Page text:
March Madness has provided an array of underdog stories. A number 16 team knocked off a number 1 team for the first time in history. All four of the top-seeded teams in the South region lost in the first week. And of course, a number 11 seed made it to the Final Four for just the 4th time in tournament history. Even though all of these stories are somewhat intertwined, something separates this last story from the others. This Loyola Chicago team was really good. With an efficient coaching strategy and what some called a “complete team”, it’s not that far-fetched to think this ‘Cinderella’ team could have won it all (they didn’t, they came up just short to a tough Michigan team in the Final Four). Here are three key factors that make the Loyola team so effective and efficient – coaches apply them as you will…
Purpose | Inspiration to Succeed
Take a look around this Loyola team and you will see so many inspiring storylines. First and foremost, Sister Jean Dolores Schmidt. The 98-year-old nun, chaplain and self-appointed coach and scout has captured the nation by storm. Seeing her sit court-side in her wheelchair, it’s hard not to route for the Ramblers. A month ago not many knew of Sister Jean; now people are purchasing t-shirts with her quotes on them and lining up for bobblehead figurines of the nun. She fits in so well with the underdog story. It’s easy to see how the Ramblers found a way to win for Sister Jean.
But the storylines go beyond Loyola’s lovable chaplain – the inspiration piles up. Loyola stars Ben Richardson and Clayton Custer have been playing together since grade school. Yes, you read that right. Two players competing in a Final Four, after playing together for so long.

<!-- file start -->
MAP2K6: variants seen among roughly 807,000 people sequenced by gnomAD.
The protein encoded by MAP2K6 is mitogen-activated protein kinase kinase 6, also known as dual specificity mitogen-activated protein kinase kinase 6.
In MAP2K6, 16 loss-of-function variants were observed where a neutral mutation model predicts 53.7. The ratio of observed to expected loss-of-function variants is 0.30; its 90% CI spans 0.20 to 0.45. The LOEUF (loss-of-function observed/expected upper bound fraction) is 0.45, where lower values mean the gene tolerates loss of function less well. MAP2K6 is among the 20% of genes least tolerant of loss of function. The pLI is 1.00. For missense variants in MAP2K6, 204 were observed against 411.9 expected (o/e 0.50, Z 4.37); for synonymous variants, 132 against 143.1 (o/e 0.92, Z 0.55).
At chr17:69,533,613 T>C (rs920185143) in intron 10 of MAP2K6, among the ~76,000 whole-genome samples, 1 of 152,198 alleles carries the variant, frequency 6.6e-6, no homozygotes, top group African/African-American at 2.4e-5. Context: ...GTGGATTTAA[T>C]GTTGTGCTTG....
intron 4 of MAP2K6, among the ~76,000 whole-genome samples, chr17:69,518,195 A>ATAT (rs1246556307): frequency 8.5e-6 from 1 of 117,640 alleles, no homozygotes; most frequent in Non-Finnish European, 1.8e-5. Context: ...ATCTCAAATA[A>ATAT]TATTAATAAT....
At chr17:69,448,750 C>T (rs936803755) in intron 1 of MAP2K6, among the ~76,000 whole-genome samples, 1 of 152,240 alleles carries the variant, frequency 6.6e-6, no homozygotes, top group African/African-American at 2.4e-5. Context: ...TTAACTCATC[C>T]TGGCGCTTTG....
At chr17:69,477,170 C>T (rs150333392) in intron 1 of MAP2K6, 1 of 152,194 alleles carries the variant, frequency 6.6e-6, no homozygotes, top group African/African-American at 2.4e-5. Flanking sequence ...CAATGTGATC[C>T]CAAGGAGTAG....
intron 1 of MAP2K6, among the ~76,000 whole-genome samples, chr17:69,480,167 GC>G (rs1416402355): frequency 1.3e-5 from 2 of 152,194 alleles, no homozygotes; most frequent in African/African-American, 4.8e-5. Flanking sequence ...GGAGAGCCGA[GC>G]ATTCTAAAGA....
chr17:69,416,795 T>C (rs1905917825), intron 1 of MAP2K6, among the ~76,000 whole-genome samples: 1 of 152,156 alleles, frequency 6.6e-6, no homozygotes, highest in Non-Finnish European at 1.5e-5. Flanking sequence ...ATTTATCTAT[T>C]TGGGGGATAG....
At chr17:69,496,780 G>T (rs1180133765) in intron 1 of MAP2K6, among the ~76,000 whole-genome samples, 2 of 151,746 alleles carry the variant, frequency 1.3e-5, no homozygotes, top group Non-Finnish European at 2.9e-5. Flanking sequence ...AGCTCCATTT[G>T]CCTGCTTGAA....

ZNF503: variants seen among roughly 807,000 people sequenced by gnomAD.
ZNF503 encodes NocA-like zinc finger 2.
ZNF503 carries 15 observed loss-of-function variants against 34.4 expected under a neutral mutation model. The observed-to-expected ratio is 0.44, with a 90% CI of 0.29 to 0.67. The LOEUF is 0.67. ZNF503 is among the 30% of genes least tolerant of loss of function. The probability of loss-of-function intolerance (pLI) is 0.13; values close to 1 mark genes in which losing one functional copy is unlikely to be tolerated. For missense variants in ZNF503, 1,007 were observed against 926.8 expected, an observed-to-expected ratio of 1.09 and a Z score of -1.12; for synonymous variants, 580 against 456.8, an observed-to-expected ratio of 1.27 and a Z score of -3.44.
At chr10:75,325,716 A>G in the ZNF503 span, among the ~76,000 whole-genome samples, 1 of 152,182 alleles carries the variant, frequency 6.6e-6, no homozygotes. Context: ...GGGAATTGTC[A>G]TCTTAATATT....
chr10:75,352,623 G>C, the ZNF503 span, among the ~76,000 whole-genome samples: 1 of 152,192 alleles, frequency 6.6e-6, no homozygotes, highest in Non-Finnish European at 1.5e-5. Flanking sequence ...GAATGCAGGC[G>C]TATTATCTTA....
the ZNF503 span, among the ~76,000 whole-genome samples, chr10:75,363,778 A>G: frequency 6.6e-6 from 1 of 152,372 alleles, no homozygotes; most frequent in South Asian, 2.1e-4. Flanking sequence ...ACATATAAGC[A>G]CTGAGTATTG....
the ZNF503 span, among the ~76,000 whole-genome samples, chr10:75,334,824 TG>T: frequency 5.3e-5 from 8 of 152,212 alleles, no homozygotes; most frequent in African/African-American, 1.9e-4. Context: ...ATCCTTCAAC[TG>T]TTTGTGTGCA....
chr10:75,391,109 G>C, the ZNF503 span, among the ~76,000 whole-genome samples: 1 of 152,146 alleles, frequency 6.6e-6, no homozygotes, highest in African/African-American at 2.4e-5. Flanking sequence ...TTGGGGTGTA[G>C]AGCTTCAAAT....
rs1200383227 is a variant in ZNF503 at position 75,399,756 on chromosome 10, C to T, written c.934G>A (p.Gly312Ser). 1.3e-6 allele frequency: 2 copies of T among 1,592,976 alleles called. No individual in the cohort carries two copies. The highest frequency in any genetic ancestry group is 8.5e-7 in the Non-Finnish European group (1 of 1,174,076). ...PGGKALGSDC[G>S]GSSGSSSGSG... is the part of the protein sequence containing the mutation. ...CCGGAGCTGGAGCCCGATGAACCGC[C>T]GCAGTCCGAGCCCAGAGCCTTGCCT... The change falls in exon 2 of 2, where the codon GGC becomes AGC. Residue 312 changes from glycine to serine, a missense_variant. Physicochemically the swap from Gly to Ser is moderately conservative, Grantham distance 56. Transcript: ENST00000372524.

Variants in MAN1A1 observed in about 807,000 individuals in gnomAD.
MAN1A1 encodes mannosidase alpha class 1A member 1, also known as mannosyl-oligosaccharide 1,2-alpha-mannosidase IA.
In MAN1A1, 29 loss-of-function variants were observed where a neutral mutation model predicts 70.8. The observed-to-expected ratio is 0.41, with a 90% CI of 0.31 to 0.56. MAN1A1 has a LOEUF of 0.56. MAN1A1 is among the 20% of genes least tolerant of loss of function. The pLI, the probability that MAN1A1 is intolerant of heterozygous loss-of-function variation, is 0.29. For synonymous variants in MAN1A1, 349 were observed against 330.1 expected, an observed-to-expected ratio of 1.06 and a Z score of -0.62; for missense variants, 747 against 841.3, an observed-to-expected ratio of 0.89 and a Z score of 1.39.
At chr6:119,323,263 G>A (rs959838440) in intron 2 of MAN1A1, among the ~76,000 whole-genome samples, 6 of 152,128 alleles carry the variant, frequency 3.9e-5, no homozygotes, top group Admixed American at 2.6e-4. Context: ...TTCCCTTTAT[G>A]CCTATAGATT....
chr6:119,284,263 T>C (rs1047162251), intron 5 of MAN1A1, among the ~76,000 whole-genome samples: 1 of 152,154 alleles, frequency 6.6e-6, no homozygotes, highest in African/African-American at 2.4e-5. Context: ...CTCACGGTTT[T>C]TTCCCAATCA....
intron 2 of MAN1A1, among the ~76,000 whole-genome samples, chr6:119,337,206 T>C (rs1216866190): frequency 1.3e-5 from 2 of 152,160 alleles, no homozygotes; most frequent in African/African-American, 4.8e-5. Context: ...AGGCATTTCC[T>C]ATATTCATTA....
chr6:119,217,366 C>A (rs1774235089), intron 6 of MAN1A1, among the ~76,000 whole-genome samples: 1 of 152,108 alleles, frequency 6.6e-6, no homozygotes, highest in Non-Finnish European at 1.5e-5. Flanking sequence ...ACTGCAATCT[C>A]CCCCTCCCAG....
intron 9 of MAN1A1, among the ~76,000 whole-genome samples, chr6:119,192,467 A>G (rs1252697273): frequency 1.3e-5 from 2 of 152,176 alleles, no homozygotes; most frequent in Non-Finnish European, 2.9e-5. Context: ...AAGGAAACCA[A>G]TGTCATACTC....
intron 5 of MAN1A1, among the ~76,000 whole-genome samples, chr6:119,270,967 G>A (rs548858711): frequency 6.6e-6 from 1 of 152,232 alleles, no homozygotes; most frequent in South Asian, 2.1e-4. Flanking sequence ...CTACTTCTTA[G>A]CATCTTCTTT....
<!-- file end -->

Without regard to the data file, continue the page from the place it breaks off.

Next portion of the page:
There’s also the recent story about a fan that asked Custer to take a picture of her and the Loyola team; little did she know she was handing the camera to the Rambler’s biggest star. She asked Custer, “are you on the team?”. The path from obscurity to fandom is long, evidently.
Another incredible storyline is the last time the Ramblers won the tournament, in 1963. That team broke racial barriers by playing more than two black players at a time. During this time there was a “gentlemen’s agreement” where coaches wouldn’t have more than two black players on the court at a time. Loyola often played three or four. Members of that 1963 team had lunch with players on this year’s team, earlier in the season. As well, they sat court-side to watch the Cinderella story unfold this March. Again, hard to lose when you look over and see such inspiration.
The underdog story itself started to take shape and become the inspiration. Loyola hadn’t been to the big dance since 1985. Each epic last-second shot to win, each upset, each round they advanced – it all began to inspire more and more confidence. Suddenly, they’re making 50% of their 3-pointers, playing a stringent shut-down defense and winning 21 of their last 22 games.
Culture | Find a Way
While this one is hard to define, there’s no denying that this Loyola team possessed good culture. That culture is strung throughout the entire team, from the players to the coaches to the athletic director and leadership team. But the person who is most instrumental in the culture built at Loyola is coach Porter Moser.
Moser has been building this team’s culture since he took over as Loyola’s coach in 2011. That first year, the Ramblers went 7-23, a step backwards from the 16-15 season they had in Jim Whitesell’s final season coaching the team. Since then, Moser has been continually building the culture at Loyola. During this time the team moved from the Horizon League to the Missouri Valley Conference – which has allowed them to attract higher quality talent. But it’s not just talent alone that builds a winning team. There are far more talented teams than Loyola in the tournament – and many of them did not make it to the Final Four. That’s not to say that this Ramblers team wasn’t talented (the 32-5 record speaks for itself), but it’s their attitude and team culture that set them apart from the competition.